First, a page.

Pain of shallow photo opps

Paul Ryan’s shallow ‘soup kitchen’ photo opp confirmed aloofness, rather than confounded it. You beat negatives in a political reputation with evidence, not falsehoods. Ryan’s soup kitchen photo opp got called out because it was so manufactured. Although journalists have a tolerance for being manipulated by politicians (biting the hand that feeds and all that), it eats away at their personal integrity. Thus, the soup kitchen photo opp, was a step too far. It appeared to be a set up, and they revealed it to be one. Apparently the dishes didn’t need to get done, and the actual homeless weren’t in at the time.

I can imagine his team organising the event though: they would have seen cleaning already-clean pots and pans as just a matter of timing. He would have cleaned dirty pots if he could have been there earlier – so what’s the difference?  His campaign people would have avoided the homeless people though, because that is uncontrollable.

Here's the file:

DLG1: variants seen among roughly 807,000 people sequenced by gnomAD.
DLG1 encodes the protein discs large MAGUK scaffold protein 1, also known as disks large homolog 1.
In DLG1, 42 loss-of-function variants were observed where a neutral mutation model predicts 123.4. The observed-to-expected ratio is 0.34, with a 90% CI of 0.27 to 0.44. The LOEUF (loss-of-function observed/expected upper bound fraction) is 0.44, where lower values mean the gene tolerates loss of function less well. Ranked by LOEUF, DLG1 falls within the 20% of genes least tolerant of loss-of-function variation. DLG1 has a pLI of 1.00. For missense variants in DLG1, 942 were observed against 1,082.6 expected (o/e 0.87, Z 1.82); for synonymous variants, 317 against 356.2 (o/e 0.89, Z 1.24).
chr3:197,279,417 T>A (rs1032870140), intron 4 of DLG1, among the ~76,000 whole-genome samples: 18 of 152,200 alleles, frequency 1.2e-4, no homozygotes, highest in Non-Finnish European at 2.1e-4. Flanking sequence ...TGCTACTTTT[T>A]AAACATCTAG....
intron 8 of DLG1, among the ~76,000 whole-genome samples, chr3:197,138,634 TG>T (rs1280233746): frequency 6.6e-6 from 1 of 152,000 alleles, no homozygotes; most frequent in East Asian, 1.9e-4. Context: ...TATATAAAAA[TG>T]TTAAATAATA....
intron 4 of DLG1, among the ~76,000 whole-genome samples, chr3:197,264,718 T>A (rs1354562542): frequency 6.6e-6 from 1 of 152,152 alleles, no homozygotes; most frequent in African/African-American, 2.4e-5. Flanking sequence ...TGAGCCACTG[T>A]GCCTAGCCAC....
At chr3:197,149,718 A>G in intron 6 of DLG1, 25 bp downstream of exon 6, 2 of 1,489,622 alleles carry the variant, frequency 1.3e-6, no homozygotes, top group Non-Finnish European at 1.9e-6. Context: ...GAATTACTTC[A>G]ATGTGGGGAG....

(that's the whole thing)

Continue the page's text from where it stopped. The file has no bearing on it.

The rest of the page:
I like a good amount of uncontrollable in an election campaign – because it allows the true character of a candidate to emerge. You only refrain from uncontrollable if you don’t know PR very well (the voters give politicians credit when they’re seen faced with ordinary or ornery people), or if you are nervous about whether the candidate can hack real life. If they can’t hack real life, then they shouldn’t be a candidate.

Pain of shallow photo opps

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